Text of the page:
Osama bin Laden may be Public Enemy No. 1 in America. But across the dramatic stony wastes of Afghanistan - where the superstrict Islamic Taliban shelters the Saudi-born exile - he is somewhat of a hero.
Many Afghans name newborn children after Mr. Bin Laden. And where people once complained that his presence was bringing further ruin on Afghanistan after 20 years of war, they now often express approval.
Afghan and Western observers deem the US-led crusade - he was indicted in New York for masterminding the US Embassy bombings in Africa last year - against Bin Laden "irrational" and "obsessive." They blame it for creating an anti-West backlash here. Limited UN sanctions, imposed a month ago to pressure the Taliban into turning over Bin Laden - at US insistence - sealed the argument.
"It will not make us hand him over, because there is no way to succumb to such pressures," says Wakil Ahmad Muttawakil, the Taliban foreign minister, in a rare interview here. "The Americans turned him into an important person, and now he's considered a big man."
Bin Laden's pedigree
His pedigree is now well-known here. Bin Laden played a revered role in the jihad, or holy war, waged by US-backed Islamist mujahideen against Soviet occupation in the 1980s. As such, he is seen as a "guest" that tradition forbids the Taliban betraying.
"The Taliban did not bring him - he was invited by the previous government, and we inherited him," says Habibullah Fouzi, a senior Taliban official in Islamabad. "[Bin Laden] does not belong to us, but he is our guest, and according to Islamic law, we must deal with him as a guest."
The Taliban controls some 90 percent of Afghanistan, where Bin Laden moves about with a small entourage from his main redoubt in eastern mountain caves and camps - where he was reportedly sighted in late October - to the southern desert plains around Kandahar.
Choked with motorized rickshaws and bathed in dust, this former capital of Afghanistan is the spiritual center of the Taliban movement. Many Bin Laden family members live in a compound near the airport, which is not a well-kept secret.
"There is one of Bin Laden's people, buying wood for the family," says a boy in a bazaar, pointing out an Arab man in a white skull hat and camouflage jacket, who had parked a faded yellow military truck next to a pile of split logs.
Speaking as if they were normal neighbors, the boy says he worked as a cleaner for the household. He once found and returned a thick roll of hundred dollar bills. "They were very happy about that, and nice to work for," he recalls.
That Bin Laden's reputation has been overinflated is widely shared. "He's become a Superman, or like James Bond, he's everywhere at once," says a Western official in Kabul. "If someone slips off a ladder somewhere, it's Bin Laden. If two trains crash in Japan, it's Bin Laden."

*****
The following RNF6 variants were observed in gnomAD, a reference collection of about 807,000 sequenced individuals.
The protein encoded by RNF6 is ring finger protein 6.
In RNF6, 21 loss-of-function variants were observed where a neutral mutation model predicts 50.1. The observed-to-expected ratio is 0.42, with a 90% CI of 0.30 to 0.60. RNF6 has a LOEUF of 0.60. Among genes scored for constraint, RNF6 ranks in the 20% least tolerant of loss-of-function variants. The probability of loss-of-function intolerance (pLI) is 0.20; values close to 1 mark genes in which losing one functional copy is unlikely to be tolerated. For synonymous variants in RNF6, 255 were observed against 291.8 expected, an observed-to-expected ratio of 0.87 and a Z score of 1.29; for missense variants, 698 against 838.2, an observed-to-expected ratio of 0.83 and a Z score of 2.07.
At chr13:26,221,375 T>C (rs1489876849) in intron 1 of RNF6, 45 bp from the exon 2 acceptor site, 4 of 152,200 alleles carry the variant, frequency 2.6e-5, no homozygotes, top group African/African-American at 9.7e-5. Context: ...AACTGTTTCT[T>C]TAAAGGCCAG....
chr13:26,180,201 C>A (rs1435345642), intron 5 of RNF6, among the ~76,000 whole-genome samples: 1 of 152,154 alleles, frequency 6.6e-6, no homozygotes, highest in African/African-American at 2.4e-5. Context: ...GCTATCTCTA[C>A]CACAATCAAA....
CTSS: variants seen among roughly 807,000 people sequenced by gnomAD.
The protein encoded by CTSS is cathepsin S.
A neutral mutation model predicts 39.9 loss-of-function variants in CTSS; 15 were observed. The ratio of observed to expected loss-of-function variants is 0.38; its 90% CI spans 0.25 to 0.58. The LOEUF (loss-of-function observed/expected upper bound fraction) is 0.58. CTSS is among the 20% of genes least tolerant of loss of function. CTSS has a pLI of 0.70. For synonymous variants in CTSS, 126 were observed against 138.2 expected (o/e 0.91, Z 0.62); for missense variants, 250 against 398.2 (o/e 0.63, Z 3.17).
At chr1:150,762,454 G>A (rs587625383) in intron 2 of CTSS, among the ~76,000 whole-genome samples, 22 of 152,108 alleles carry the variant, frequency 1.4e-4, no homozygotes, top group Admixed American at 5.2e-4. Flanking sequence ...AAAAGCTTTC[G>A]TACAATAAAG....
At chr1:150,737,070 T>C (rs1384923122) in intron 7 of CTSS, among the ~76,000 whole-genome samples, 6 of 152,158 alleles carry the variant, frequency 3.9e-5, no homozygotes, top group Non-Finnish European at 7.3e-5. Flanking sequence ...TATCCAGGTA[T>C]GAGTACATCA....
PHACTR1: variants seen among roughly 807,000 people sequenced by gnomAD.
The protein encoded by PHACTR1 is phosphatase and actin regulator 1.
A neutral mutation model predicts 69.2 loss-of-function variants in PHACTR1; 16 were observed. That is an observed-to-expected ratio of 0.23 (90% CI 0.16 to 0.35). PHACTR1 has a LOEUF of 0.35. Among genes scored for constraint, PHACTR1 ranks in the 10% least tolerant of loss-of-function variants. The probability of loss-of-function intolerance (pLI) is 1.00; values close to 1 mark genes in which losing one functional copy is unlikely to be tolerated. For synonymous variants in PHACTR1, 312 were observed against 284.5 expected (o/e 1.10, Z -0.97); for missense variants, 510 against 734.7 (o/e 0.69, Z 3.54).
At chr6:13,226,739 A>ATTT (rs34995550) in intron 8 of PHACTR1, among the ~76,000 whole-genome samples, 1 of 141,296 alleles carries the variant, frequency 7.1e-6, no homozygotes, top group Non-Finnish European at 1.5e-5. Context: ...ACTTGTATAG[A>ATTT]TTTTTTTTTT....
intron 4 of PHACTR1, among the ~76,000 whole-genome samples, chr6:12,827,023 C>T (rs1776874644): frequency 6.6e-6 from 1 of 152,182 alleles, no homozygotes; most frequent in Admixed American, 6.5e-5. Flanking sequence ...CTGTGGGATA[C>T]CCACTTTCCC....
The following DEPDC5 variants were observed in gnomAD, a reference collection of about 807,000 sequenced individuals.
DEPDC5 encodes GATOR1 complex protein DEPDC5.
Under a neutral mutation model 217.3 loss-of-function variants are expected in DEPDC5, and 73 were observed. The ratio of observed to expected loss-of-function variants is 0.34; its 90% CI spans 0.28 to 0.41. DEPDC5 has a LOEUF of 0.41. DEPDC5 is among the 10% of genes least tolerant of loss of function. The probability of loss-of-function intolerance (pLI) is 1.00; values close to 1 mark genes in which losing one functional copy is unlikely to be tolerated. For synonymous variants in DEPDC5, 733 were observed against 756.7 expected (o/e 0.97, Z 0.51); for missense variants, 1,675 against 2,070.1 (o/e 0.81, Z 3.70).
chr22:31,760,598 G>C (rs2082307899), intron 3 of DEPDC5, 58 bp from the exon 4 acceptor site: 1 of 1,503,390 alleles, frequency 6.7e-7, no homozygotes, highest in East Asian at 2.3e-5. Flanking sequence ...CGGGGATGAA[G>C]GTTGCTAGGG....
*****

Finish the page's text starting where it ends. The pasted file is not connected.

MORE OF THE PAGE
Warnings of Bin Laden-linked global threats have now become routine. The US State Department cautioned Americans celebrating the New Year abroad to be wary of an attack.
"What happened in Africa was very dramatic, and was a very serious blow," says one senior UN official in Kabul. "So the size of the drama has to be balanced by the importance of the guy who did it - he must be powerful, evil, and rich - or it won't make sense."
Bin Laden has never claimed responsibility for the blasts at the American Embassies, but praised those who carried them out. He has declared war on the US, calling on "every Muslim" to "obey God's command to kill the Americans ... wherever he finds them."
The US accuses Bin Laden of running a global terrorist network called Al-Qaida, though a New York Times/PBS-Frontline investigation into the case published last April found that US officials may have little firm evidence - if any - that directly links Bin Laden to the Africa blasts, which killed 224.
Taliban officials say they have seen no evidence of guilt, and so have no reason to hand him over.
"The real definition of terrorism [civilians targeted for political reasons] is not supported by anybody," says Mr. Muttawakil. Of those responsible for the Africa bombings, he says: "They have to be punished.... It was a bad deed."
Taliban officials say that Bin Laden is free to leave Afghanistan - he reportedly made such an offer in late October - and have suggested that an small Islamic body called an ulema, made up of several Muslim scholars from Islamic countries, examine the evidence.
American officials have scoffed at such a possibility, and instead pulled out the diplomatic stops to have him extradited.
"The sole focus on one man has been counterproductive," says a European diplomat in Islamabad. "The Taliban is divided on this issue, and a lot would like to get rid of him," he says, but Taliban chief Mullah Omar is known to have close ties to the Saudi-born dissident.
"There are smart people in Washington who should know better," the diplomat adds. "Bin Laden's become a hero, in Afghanistan and outside."
(c) Copyright 1999. The Christian Science Publishing Society